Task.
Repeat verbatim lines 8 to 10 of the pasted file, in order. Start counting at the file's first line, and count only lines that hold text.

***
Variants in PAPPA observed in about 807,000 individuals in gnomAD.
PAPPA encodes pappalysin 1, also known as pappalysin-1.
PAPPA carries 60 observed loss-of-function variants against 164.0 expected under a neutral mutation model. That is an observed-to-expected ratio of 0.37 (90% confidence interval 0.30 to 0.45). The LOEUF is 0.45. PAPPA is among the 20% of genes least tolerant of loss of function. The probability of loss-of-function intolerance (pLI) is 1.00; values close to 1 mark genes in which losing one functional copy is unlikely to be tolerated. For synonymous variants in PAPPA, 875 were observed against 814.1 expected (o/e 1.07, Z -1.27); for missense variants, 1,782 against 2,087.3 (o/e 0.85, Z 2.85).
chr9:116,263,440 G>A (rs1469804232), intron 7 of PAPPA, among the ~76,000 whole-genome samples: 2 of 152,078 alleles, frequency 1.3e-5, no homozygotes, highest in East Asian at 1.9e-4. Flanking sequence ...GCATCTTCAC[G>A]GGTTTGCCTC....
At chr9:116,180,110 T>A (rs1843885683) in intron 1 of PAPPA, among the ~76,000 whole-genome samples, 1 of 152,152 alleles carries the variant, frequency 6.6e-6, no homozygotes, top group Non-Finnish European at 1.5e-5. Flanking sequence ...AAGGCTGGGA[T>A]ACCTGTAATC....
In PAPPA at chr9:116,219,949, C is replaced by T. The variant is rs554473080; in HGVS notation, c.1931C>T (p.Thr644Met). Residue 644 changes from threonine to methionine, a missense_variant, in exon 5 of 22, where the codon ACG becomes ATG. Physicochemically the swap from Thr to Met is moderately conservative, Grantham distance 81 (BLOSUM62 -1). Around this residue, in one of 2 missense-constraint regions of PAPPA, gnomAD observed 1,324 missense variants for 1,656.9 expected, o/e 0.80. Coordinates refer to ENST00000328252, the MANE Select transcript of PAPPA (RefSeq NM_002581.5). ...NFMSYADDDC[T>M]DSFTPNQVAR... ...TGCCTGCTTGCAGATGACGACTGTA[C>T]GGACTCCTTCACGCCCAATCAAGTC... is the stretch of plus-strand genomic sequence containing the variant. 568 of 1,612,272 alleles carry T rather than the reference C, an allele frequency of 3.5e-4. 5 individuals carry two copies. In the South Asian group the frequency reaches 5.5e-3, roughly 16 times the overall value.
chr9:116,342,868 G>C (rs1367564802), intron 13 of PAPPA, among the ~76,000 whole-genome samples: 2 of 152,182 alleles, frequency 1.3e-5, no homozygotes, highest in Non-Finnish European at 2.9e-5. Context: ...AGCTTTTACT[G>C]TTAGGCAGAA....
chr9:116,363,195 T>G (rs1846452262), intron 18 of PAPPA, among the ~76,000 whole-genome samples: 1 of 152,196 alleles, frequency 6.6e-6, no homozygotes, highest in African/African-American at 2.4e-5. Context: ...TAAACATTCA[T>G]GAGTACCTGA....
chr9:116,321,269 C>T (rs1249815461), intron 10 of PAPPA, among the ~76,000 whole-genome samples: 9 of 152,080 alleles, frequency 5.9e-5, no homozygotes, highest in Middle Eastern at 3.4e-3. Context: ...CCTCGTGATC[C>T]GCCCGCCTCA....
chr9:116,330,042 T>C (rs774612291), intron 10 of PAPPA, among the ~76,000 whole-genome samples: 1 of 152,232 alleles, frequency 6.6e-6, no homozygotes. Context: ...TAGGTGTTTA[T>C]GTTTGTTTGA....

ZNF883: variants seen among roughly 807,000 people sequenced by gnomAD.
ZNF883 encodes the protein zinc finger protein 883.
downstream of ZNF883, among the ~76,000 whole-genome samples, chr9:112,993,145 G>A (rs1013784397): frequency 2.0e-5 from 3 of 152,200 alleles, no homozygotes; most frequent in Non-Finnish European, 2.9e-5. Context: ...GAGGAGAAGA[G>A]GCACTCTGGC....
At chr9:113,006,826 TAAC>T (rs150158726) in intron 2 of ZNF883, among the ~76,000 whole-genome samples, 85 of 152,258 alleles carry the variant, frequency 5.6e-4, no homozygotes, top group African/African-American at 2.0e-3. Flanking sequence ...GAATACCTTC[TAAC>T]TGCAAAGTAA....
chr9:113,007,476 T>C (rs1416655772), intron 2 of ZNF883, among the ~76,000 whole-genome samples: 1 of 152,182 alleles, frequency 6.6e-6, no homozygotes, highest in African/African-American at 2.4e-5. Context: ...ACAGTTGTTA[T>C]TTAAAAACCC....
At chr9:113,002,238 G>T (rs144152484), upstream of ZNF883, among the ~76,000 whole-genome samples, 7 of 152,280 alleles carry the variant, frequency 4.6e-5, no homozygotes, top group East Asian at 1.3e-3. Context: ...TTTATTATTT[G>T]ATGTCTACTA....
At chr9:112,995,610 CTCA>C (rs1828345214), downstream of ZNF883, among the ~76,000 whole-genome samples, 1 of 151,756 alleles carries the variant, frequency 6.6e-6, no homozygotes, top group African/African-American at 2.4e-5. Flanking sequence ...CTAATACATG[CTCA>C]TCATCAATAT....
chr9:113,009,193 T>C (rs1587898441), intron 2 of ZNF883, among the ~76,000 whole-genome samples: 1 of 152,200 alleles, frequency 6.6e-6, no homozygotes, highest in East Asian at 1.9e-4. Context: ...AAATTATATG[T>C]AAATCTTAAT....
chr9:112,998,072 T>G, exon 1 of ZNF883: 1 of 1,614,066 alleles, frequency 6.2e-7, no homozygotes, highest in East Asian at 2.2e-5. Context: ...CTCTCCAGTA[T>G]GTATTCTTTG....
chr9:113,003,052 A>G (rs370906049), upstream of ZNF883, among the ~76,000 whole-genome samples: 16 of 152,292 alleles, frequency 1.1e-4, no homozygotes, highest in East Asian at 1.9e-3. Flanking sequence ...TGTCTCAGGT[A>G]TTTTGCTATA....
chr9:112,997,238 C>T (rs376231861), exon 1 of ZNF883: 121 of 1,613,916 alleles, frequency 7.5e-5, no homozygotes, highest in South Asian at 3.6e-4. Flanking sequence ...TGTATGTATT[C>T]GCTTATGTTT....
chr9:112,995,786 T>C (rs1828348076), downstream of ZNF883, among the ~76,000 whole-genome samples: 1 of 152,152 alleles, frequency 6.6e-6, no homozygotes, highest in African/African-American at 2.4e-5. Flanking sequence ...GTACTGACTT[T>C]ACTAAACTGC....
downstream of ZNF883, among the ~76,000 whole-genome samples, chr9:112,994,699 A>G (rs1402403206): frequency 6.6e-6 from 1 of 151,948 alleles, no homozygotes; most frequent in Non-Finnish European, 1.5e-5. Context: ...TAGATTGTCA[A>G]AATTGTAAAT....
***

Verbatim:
chr9:116,363,195 T>G (rs1846452262), intron 18 of PAPPA, among the ~76,000 whole-genome samples: 1 of 152,196 alleles, frequency 6.6e-6, no homozygotes, highest in African/African-American at 2.4e-5. Context: ...TAAACATTCA[T>G]GAGTACCTGA....
chr9:116,321,269 C>T (rs1249815461), intron 10 of PAPPA, among the ~76,000 whole-genome samples: 9 of 152,080 alleles, frequency 5.9e-5, no homozygotes, highest in Middle Eastern at 3.4e-3. Context: ...CCTCGTGATC[C>T]GCCCGCCTCA....
chr9:116,330,042 T>C (rs774612291), intron 10 of PAPPA, among the ~76,000 whole-genome samples: 1 of 152,232 alleles, frequency 6.6e-6, no homozygotes. Context: ...TAGGTGTTTA[T>C]GTTTGTTTGA....